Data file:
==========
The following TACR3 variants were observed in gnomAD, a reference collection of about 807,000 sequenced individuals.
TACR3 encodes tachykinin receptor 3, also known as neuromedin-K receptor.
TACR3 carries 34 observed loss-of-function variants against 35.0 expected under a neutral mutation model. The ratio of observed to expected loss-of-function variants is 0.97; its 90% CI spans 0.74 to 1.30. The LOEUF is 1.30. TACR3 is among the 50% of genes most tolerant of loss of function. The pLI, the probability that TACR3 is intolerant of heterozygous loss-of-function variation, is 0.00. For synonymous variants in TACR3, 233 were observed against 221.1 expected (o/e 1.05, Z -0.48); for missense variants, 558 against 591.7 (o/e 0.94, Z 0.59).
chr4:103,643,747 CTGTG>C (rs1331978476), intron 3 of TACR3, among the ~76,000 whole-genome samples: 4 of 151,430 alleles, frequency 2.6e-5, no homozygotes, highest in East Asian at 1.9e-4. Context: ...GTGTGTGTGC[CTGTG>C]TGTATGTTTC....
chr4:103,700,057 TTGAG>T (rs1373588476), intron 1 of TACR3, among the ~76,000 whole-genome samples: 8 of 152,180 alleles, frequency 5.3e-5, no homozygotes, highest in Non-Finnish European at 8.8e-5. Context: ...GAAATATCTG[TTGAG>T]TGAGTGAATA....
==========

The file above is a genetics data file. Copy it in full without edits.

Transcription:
The following TACR3 variants were observed in gnomAD, a reference collection of about 807,000 sequenced individuals.
TACR3 encodes tachykinin receptor 3, also known as neuromedin-K receptor.
TACR3 carries 34 observed loss-of-function variants against 35.0 expected under a neutral mutation model. The ratio of observed to expected loss-of-function variants is 0.97; its 90% CI spans 0.74 to 1.30. The LOEUF is 1.30. TACR3 is among the 50% of genes most tolerant of loss of function. The pLI, the probability that TACR3 is intolerant of heterozygous loss-of-function variation, is 0.00. For synonymous variants in TACR3, 233 were observed against 221.1 expected (o/e 1.05, Z -0.48); for missense variants, 558 against 591.7 (o/e 0.94, Z 0.59).
chr4:103,643,747 CTGTG>C (rs1331978476), intron 3 of TACR3, among the ~76,000 whole-genome samples: 4 of 151,430 alleles, frequency 2.6e-5, no homozygotes, highest in East Asian at 1.9e-4. Context: ...GTGTGTGTGC[CTGTG>C]TGTATGTTTC....
chr4:103,700,057 TTGAG>T (rs1373588476), intron 1 of TACR3, among the ~76,000 whole-genome samples: 8 of 152,180 alleles, frequency 5.3e-5, no homozygotes, highest in Non-Finnish European at 8.8e-5. Context: ...GAAATATCTG[TTGAG>T]TGAGTGAATA....